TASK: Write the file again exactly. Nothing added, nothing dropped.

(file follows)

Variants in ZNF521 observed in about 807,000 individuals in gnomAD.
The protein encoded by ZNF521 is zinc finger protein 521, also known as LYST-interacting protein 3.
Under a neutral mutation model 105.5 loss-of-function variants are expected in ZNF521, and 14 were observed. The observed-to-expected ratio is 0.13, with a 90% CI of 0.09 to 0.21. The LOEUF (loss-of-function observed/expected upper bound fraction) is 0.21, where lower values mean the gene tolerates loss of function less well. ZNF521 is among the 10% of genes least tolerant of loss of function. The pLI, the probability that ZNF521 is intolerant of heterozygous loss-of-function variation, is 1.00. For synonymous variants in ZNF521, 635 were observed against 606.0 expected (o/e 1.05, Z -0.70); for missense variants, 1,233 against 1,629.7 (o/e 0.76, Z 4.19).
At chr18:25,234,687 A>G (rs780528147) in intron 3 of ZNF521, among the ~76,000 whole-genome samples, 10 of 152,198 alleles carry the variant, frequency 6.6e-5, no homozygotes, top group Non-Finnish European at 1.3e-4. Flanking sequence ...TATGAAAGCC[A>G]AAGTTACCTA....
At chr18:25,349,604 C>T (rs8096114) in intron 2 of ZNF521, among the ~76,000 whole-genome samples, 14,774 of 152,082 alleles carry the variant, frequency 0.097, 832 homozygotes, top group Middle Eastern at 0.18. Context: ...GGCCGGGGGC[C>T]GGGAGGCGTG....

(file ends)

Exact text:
Variants in ZNF521 observed in about 807,000 individuals in gnomAD.
The protein encoded by ZNF521 is zinc finger protein 521, also known as LYST-interacting protein 3.
Under a neutral mutation model 105.5 loss-of-function variants are expected in ZNF521, and 14 were observed. The observed-to-expected ratio is 0.13, with a 90% CI of 0.09 to 0.21. The LOEUF (loss-of-function observed/expected upper bound fraction) is 0.21, where lower values mean the gene tolerates loss of function less well. ZNF521 is among the 10% of genes least tolerant of loss of function. The pLI, the probability that ZNF521 is intolerant of heterozygous loss-of-function variation, is 1.00. For synonymous variants in ZNF521, 635 were observed against 606.0 expected (o/e 1.05, Z -0.70); for missense variants, 1,233 against 1,629.7 (o/e 0.76, Z 4.19).
At chr18:25,234,687 A>G (rs780528147) in intron 3 of ZNF521, among the ~76,000 whole-genome samples, 10 of 152,198 alleles carry the variant, frequency 6.6e-5, no homozygotes, top group Non-Finnish European at 1.3e-4. Flanking sequence ...TATGAAAGCC[A>G]AAGTTACCTA....
At chr18:25,349,604 C>T (rs8096114) in intron 2 of ZNF521, among the ~76,000 whole-genome samples, 14,774 of 152,082 alleles carry the variant, frequency 0.097, 832 homozygotes, top group Middle Eastern at 0.18. Context: ...GGCCGGGGGC[C>T]GGGAGGCGTG....